Hope Uwera, 13, of Bright Academy in Nyagatare who emerged the best female performer in the 2012 Primary Leaving Examinations wants to become a doctor. She also emerged fourth best pupil countrywide.
Uwera attributed her performance to hard work, group work on top of support from parents and teachers as well as self motivation.
“I started reading seriously in P3. I used to read various papers and revised even what I had studied in P2,” the jolly pupil, dressed in her former school uniform, said. “I followed my teachers’ advice and spent time with my classmates discussing our notes or solving some tough questions.”
Surprisingly Uwera says she was an average performer but that her target was to finally perform well in national exams and she injected some extra effort.
“I remember when I was in P1, I used to be the tenth, and similarly in P2, I was among the top 10 best performers until I was in P3,” she says.
She remembers in the first term of P5 she was the sixth and the tenth in second term.
“When I knew that someone performs better than I did, I approached them and asked them to study with me. I used to learn much from them while sharing what I knew, I also used to help those who were not good and finally all candidates passed the national exams,” Uwera says.
Despite all her efforts and hard work, Uwera says she had never dreamt that she would be the best female performer and fourth best country wide.
“All I was sure of is that I would pass highly,” Uwera says.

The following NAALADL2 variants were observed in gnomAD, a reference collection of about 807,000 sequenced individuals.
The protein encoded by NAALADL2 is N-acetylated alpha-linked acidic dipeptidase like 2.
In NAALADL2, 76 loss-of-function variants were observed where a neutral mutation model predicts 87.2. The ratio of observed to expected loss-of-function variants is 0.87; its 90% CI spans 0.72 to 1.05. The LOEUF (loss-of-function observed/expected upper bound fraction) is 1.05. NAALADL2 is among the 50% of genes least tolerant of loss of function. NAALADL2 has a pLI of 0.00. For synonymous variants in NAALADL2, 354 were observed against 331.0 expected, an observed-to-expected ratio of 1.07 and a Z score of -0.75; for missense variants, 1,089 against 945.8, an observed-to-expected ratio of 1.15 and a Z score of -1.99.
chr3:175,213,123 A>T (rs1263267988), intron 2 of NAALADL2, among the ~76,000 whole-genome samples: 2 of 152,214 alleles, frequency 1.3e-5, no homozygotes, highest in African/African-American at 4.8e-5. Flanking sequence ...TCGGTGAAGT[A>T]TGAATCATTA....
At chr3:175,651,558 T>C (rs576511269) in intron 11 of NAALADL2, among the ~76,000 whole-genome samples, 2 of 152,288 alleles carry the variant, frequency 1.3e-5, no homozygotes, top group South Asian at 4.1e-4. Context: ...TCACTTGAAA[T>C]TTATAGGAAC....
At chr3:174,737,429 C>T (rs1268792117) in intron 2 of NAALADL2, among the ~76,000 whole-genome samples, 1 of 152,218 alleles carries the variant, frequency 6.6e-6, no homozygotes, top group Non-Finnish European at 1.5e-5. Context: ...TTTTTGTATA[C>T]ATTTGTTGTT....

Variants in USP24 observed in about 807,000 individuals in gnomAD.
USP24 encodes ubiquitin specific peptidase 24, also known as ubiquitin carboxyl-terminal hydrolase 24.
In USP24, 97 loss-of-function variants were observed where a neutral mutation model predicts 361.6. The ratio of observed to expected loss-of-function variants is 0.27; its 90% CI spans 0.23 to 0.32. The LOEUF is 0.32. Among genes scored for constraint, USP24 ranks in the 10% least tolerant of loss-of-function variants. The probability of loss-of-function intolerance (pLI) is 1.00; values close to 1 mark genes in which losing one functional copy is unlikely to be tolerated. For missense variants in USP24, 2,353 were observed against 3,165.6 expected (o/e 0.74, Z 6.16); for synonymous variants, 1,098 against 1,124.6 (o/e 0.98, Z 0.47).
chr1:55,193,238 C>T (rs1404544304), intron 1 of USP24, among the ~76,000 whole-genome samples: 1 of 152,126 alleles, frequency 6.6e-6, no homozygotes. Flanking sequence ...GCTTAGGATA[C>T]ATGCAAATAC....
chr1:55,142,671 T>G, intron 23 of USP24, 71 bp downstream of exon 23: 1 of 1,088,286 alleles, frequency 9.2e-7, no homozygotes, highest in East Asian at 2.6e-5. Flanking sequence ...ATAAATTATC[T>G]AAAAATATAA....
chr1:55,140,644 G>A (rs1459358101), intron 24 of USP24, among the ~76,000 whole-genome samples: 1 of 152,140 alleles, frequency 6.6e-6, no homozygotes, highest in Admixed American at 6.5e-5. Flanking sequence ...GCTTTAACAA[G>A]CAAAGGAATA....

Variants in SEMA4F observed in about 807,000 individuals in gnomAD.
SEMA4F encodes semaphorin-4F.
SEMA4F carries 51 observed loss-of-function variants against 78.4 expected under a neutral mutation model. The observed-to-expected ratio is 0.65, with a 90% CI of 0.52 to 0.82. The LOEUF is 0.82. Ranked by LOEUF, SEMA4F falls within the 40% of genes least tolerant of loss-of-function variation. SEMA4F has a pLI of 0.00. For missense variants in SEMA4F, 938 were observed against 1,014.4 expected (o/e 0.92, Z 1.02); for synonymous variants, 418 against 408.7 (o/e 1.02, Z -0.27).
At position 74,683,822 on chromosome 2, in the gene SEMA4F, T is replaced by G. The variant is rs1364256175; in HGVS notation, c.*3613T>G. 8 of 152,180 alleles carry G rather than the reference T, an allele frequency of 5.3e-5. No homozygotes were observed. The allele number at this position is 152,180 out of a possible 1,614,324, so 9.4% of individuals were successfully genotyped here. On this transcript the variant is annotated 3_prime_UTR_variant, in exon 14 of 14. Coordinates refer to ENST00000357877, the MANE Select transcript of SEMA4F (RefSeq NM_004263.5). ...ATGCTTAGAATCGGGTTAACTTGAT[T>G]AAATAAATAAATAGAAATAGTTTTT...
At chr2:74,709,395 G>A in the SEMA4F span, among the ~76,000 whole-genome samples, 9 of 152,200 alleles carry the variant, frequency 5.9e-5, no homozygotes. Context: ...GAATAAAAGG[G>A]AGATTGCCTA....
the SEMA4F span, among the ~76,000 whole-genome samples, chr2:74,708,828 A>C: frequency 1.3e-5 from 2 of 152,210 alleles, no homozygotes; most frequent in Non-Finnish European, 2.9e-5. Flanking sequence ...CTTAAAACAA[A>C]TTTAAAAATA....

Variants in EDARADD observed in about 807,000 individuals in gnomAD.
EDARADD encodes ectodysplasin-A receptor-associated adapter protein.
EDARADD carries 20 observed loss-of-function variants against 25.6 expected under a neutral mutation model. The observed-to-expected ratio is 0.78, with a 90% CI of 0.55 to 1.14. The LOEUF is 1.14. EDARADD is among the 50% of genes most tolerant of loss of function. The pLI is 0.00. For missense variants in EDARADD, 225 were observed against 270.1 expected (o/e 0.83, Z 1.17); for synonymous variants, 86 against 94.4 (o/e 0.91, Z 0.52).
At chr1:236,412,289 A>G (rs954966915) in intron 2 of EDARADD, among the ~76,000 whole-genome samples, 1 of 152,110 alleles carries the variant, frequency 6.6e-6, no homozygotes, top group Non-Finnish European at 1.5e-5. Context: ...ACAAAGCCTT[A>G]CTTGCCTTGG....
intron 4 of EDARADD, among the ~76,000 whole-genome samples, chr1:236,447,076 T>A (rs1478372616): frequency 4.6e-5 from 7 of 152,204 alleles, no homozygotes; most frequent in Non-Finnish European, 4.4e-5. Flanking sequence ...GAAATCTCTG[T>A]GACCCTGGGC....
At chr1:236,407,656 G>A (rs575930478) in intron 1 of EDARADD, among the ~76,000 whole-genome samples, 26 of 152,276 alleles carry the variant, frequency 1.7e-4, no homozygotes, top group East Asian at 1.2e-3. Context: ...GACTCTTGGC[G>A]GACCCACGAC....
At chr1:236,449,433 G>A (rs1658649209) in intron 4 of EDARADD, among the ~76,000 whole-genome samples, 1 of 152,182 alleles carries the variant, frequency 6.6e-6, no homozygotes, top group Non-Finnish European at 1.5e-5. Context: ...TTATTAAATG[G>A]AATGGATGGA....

Uwera’s success impressed her so much and she hopes to work harder and perform better in secondary school, to achieve her dream of becoming a doctor.
She recognises the support from her parents since nursery.
“My parents have been my guides and without their mental and physical support, I would not be what I am now. They advised me on what to do and kept encouraging me. They told me to do the homework and revise everyday before sleeping,” she said, before crediting teachers for her success as well.
Andrew Kabera, her father says his daughter demonstrated competence even when she was still young.
“She liked to study and we helped her to get whatever she needed as parents. She used to occupy the best positions in class and we had hope she could make it and perform well,” said Kabera.
“One day she asked us to let her join boarding section to study harder and we let her go,” said her mother.
Emmanuel Rumanzi, the deputy director of the Bright Academy said Uwera, like other pupils, performed well at school thanks to the strategies the school uses to teach the students.
“We take care of our pupils by providing quality education and even guide them, while encouraging them to work as a team. We also have good and motivated teachers,” says Rumanzi.
About the school . . .
Bright Academy School started in 1997 as a coaching school founded by a group of ten parents. The pupils used to study under the tree back then. In 2000, the first batch of six pupils sat for PLE and all passed. The school has emerged in top twenty in the country for past four years.
The New Times